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Further clarification of minute 13:00 & 15:00 of the second video: we’re not “casting” or looking for only fit, attractive people to feature in our films – not at all, we’re finding out what we’re working with and then creatively game planning as necessary. ie. if for any of the reasons mentioned in the video, if the speech or physical appearance of the main person will be distracting or in conflict with the subject matter, we can come up with creative solutions to lesson the distraction to the audience – via the way we light or compose our frame of the person during the interview, or maybe we plan to include additional interviews with other people in the story to lessen the on screen, speaking time of the main person, or we plan extra B-Roll shoots so we have more footage to cover the interview portions, etc. Whatever will honor the person the best and remove any hurdles the audience may have with connecting to their story.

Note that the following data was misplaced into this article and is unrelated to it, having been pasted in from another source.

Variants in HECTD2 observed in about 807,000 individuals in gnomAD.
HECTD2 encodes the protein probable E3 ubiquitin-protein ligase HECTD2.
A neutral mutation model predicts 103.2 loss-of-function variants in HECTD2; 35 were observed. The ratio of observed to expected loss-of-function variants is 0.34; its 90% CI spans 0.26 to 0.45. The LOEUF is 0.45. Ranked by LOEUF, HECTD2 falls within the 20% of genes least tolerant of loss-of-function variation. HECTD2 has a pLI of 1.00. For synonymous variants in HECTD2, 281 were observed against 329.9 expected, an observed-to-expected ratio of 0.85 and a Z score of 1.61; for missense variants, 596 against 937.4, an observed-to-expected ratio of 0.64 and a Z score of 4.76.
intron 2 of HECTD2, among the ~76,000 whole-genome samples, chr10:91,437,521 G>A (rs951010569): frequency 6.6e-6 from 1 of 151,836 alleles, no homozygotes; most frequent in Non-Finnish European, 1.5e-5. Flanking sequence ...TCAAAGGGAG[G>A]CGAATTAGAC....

Thanks Chris, I know exactly what you mean about telling the same story twice. But I’m also a one man show so I’m glad you mentioned that towards the end lol. The last testimony that I did, the gentleman was the opposite. It completely threw him off when I asked him questions I didn’t send to him before hand lol. He had to get up and pace for a bit to process what I just asked him. For the most part he did really well with the questions he already had. But I think he was a special case haha. Good tips though!